Time for Women-Owned Businesses to Rise; Is This You?


Doctor Neha: Welcome to TalkRx with Dr. Neha. I have a special guest today, Vicki Saunders. Welcome, Vicki.

Vicki: Thank you very much.

Doctor Neha: Typically, I ask my guests to ask a question, whether it’s on communication, whether it’s on power, whatever is on their mind. Vicki, what’s on your mind and what do you want to talk about?

Vicki: What’s on my mind is language. That’s one of the things I think about a lot. With the work that we’re doing with SheEO, we want to move to a new paradigm. It’s a shift in mind-set from where we are today.

Doctor Neha: Why don’t you tell them a little bit about what SheEO is?

Vicki: SheEO, we’re really trying to solve the problem of how do you get money into the hands of female entrepreneurs who have great innovations that are going to create a better world. Four percent of venture capital goes to women.

Doctor Neha: Only four percent?

Vicki: Yeah, four percent. We’ve created a whole new model to change that. A thousand women come together; they contribute $1,100 dollars each. We create this pool of capital and then we loan it out to ten female entrepreneurs who are selected by all of the women.

Doctor Neha: It’s not five people in a boardroom deciding whether you’re worthy.

Vicki: We trust the intuition of thousands of women to select companies they care about. Then they also get access to our networks and our buying power and our expertise to help grow their business. It’s not just about the money.

Doctor Neha: I want to say that when you were speaking, that was one of the things that I really enjoyed. It’s like you use a holistic approach. It’s not just giving people money, but it also about giving them support, mentoring them as they grow and honoring entrepreneurship.

Vicki: Totally.

Doctor Neha: Unique ideas. My favorite part was when Vicki was asked, “What if somebody doesn’t pay back their loan? Or what if it doesn’t pan out the way you want it to?” Your answer really moved me: “We’re coming to help.” The voice outside has never been that. You have created a voice outside that says sometimes unexpected things happen. If they do, let’s come together and let’s solve it.

Vicki: I think it takes a village. We’ve said this many times. I don’t know why business would be any different. We have all that we need around us. The challenges that we often see female entrepreneurs have is asking for help. As women, we’re great at giving. We give and give and give. But there needs to be an in-breath and an out-breath. You need to give and receive to the pool. Give and receive.

Doctor Neha: To keep it flowing. Right?

Vicki: Right.

Doctor Neha: To keep the energy flowing. Now tell me what you were saying about language.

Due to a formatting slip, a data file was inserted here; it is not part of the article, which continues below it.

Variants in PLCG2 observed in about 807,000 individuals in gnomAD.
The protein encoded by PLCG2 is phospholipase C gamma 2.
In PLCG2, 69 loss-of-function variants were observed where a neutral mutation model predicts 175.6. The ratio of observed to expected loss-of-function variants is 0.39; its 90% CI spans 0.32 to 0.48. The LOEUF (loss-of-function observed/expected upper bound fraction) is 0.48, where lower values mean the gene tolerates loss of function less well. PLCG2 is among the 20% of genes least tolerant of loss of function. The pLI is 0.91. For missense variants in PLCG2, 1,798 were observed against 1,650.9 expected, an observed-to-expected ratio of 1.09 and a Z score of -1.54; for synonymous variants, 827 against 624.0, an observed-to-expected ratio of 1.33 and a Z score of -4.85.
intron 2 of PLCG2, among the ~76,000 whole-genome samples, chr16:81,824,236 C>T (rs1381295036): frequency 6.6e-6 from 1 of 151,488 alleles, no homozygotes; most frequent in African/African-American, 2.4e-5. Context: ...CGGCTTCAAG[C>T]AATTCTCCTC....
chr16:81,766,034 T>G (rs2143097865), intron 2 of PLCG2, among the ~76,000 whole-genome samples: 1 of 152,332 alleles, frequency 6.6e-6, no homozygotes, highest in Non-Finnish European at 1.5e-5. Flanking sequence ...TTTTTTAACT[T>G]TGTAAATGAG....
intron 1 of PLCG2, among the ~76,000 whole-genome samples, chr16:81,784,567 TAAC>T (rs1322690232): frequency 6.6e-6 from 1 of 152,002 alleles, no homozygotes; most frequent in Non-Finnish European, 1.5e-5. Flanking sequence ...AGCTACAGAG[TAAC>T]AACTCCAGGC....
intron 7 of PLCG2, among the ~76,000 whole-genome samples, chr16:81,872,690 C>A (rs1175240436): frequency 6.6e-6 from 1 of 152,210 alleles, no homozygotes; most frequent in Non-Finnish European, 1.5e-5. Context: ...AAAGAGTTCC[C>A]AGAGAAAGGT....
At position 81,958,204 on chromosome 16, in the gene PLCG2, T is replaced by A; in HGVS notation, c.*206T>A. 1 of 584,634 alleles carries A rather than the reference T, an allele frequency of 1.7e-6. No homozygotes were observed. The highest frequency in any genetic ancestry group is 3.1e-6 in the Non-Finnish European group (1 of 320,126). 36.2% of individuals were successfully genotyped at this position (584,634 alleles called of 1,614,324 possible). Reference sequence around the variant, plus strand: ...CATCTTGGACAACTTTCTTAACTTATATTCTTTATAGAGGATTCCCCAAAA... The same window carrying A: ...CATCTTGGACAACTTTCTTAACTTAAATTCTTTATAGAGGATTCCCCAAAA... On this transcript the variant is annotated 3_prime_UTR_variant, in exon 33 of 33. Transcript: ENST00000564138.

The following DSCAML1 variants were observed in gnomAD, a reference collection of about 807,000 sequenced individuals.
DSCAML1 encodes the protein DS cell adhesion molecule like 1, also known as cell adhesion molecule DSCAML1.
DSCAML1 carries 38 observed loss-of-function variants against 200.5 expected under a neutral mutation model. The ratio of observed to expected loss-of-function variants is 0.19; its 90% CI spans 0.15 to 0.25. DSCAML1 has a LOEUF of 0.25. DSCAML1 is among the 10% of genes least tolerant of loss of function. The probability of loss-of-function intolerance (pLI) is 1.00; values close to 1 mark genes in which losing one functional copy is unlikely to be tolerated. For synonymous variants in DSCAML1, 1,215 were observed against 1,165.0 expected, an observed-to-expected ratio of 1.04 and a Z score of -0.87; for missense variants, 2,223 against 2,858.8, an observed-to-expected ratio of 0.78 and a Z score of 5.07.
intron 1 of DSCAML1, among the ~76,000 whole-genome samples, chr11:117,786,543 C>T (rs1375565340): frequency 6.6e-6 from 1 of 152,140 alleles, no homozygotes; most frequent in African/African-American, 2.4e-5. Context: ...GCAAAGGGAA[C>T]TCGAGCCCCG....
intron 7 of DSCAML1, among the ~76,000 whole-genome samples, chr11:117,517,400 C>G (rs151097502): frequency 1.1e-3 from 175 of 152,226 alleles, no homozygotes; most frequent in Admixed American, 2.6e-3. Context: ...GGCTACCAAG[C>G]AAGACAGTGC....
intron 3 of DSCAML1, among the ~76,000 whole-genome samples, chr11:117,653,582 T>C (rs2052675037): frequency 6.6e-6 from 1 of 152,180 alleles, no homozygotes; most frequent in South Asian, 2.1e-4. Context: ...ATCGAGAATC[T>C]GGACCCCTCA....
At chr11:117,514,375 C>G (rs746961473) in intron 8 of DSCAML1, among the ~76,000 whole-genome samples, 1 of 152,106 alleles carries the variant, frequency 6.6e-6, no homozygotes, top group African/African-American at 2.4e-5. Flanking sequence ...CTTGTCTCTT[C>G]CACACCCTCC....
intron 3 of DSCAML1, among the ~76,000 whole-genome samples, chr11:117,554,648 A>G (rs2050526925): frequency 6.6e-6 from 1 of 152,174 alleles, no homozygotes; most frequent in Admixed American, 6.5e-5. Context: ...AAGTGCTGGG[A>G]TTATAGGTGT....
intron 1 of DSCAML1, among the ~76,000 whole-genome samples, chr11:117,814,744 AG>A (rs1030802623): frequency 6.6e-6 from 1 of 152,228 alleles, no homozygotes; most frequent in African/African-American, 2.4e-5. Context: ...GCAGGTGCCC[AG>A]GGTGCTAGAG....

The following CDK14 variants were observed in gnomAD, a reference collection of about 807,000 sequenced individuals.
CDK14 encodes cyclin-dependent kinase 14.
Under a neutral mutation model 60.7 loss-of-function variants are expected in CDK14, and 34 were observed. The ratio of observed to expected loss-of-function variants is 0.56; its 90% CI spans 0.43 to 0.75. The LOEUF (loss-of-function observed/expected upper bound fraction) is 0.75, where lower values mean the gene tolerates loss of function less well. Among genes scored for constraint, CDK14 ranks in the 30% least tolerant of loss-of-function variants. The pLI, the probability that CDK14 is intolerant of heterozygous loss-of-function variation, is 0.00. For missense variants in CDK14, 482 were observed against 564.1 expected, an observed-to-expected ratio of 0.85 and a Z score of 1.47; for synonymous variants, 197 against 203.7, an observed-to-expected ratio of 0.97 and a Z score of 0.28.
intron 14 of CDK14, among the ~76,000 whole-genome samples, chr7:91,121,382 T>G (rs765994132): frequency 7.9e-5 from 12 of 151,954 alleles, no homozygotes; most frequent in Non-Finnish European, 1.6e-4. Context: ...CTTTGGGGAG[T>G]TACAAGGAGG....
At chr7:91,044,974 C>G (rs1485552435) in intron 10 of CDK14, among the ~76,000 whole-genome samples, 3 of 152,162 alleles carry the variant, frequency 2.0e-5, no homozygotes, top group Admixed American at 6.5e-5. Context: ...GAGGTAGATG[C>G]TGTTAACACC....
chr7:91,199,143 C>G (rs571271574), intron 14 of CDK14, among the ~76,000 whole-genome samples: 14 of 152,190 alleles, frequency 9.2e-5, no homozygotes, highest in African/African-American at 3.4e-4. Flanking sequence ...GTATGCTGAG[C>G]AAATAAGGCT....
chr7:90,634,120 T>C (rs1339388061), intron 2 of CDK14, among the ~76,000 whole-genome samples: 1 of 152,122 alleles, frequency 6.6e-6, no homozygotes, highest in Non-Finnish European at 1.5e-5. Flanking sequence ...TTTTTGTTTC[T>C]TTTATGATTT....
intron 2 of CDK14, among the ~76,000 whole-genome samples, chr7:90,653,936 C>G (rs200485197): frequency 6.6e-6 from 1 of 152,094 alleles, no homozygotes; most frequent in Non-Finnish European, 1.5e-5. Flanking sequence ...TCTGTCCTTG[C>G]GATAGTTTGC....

Vicki: One of the challenges is how do we move from this place of feeling that we’re in scarcity to abundance and from this crazy winner-takes-all world into something that’s more perpetual flow of capital. The spirit underneath this we call radical generosity. I remember when I talked to my mom about for the first time she said, “Why do you have to call it radical? It’s just generosity.” I said, “The challenge is if I just say the word generosity, people go, ‘Okay. Whatever.’”
When we put radical in front of it [it gets attention].

Doctor Neha: It’s almost the unexpected.

Vicki: It’s stepping up. We don’t call you an investor in our community. We call you an activator because you’re activating your capital but also your network and your expertise and being an early customer, using your buying power.

Doctor Neha: It’s bigger than investing. Investing might be I give you some money and that’s an investment.

Vicki: Then it stays stuck in this little box of just being money.

Doctor Neha: Right. This idea is an activator. An activator to me even sounds like movement. It’s phenomenal. I like the language you’re using because the language you’re using actually feels inspiring. It’s unexpected. In order to catch people’s attention in a busy world, marketing is part of it. I used to think it was a dirty word. I’m a doctor. I thought, Marketing, who would do that? I’m just going to help people. Except when I became an entrepreneur and wanted to pave a new path, I realized that whether it’s radical generosity or activators, you now have to get someone’s attention to have them thinking differently. That’s what we’re doing. To use that in our language actually matches what we are trying to do.

Vicki: Absolutely. The thing that we’re constantly aware of as we’re building this and listening closely is I feel like we don’t have words to describe the kind of behavior that we want to see. We’re always working on that. Money is loaned out to entrepreneurs, paid back and then loaned out again. Then people say, “What is that?” You need a name for that. Everybody wants things named.